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one thing i hope in the coming weeks, as the republicans work through the chaos in their caucus, i do believe that speaker boehner has a responsibility to the country to make sure that whoever is the next speaker is not left with a huge mess. and so there's a big pileover stuff we can do for the coming weeks if speak isser boehner was willing to step up and do it. the problem, as you know is the tea party extremists who have been em ppowered through their departure. they have a group of tea party members who don't have the votes to elect the speaker they want. but constantly threaten to overturn any speaker they don't like if they don't get their way 100%. >> so let's dig in on that. i want to play mccarthy speaking very recently to jake tapper about whether he had the votes. take a listen. >> speaking of votes, do you have the votes? will you have the next peek speaker, have you looked it up?
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>> i feel very good about where i'm at. >> that sounds yes, you have the votes. >> i feel very good thabout whe i'm at. >> unpack this 218 number. he had a majority of his can you kus and he could have worked with democrats if he wanted. it's almost as if he would rather not get the job than do it on a bipartisan basis. >> i don't know all the reasons kevin mccarthy decided to withdraw. one was a fear that he couldn't get a majority of the votes on the floor of the house. but as you just pointed out, no republicans have reached out to democrats, whether it relates to this election for speaker or on these big issues that we're confronting right now. the best way to perceive would be for them to get their act together, get a speaker who is willing to work with democrats. but the problem in the caucus right now n that republican caucus is that those people who
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don't want to talk to democrats and address these important issues are the ones who are more emboldened than ever. so that's why i say, ari, it's really important that speaker boehner use his remaining time to at least address the huge issues before us right now. >> but on the news of the day here, is this what victory looks like to the freedom caucus? >> well, this is the dilemma. never in my experience in recent history have you seen a faction of one party -- in this case, the extreme tea party faction -- saying if they don't get their way within their caucus, they're going to shut down the entire congress and threaten to shut down the entire country if they don't get 100% of what they want. and so that's why it's such a dangerous situation for the country and with respect to governance right now. ma that's why i want to emphasize that it's important for the speaker to step up. i just introduced today the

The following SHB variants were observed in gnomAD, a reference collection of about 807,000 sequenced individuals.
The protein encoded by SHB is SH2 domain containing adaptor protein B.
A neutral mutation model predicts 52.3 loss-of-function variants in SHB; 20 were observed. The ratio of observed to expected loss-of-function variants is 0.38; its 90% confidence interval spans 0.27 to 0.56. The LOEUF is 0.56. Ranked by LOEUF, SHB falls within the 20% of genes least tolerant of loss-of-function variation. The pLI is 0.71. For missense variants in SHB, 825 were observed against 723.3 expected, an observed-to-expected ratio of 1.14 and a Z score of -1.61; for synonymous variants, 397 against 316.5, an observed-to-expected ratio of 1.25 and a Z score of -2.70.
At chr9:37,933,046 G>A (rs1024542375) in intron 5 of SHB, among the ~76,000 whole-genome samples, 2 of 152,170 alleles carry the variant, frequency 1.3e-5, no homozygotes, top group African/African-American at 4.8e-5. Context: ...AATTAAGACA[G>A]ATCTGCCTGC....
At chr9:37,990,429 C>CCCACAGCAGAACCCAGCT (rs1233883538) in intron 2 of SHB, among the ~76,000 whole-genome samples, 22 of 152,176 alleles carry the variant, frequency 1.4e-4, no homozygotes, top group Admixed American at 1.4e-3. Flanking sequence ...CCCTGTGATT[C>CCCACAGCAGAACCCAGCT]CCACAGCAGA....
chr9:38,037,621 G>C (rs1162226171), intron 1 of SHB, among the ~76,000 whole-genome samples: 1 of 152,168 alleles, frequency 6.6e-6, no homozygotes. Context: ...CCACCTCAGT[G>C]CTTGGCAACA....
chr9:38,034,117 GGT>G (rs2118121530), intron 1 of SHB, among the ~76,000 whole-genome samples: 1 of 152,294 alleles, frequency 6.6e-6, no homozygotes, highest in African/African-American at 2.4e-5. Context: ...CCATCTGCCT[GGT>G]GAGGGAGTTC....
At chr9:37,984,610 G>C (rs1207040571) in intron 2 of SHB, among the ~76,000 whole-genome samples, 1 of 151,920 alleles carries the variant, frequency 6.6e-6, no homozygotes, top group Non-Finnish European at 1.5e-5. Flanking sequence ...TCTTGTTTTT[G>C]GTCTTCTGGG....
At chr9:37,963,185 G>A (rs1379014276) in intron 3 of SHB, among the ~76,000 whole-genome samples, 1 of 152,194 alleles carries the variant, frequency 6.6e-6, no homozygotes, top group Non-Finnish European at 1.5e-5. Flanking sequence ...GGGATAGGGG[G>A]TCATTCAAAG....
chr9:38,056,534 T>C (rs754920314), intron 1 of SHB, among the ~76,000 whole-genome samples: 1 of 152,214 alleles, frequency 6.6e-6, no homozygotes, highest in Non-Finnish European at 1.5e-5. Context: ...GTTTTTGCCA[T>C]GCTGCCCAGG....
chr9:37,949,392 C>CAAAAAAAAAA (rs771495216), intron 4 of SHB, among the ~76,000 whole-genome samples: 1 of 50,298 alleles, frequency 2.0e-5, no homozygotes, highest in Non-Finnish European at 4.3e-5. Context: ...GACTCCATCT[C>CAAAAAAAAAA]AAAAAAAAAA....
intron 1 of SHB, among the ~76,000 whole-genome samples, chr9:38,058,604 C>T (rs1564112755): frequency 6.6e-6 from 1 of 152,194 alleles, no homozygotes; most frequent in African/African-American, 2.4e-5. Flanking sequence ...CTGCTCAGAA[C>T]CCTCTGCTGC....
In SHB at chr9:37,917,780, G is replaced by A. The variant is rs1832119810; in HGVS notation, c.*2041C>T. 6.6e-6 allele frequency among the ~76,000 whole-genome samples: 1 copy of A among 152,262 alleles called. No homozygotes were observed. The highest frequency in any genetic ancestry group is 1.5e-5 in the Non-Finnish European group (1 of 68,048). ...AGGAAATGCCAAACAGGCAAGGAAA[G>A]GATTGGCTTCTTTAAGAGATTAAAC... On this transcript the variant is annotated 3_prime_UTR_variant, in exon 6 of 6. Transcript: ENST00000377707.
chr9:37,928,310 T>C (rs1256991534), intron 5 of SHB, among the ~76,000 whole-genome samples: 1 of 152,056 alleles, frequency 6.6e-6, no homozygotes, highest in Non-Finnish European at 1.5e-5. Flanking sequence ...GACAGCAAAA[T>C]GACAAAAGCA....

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preventing government shutdown act that come december we're not left in the lurch once again. but as you know, this is a chaotic situation. you know, we just got word that a budget committee session that we had scheduled for tomorrow has been postponed till later in the day. they're going to have a caucus meeting to figure out what the next step is. >> i saw the draft legislation you laid out that has a plan b. there wouldn't be a shutdown and a dicing of sequester cut, which is interesting. thanks for talking to us tonight. >> thank you. good to be with you. >> and coming up, why donald trump think he's actually responsible for mccarthy dropping out of the race for speaker of the house.
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we tweeted great, we need a really smart, really tough person to take over this very important job. other republican presidential candidates also welcoming the change and calling for an outsider to take over. jeb bush praised florida representative daniel webster who does have the backing of the conservative house freedom caucus. >> i think kevin mccarthy was a good person, a good man. i'm surprised he dropped out. i'm not going to interject myself into a political vote inside the house caucus. dan webster is one of my closest friends in the political process. he is a principle centered guy. you will never meet someone with the integrity of dan webster. others might emerge as well. i just hope they stay focused on making sure people know they're trying to solve problem for people. >> and rand paul sees the decision as a win for people an a sign of where the party is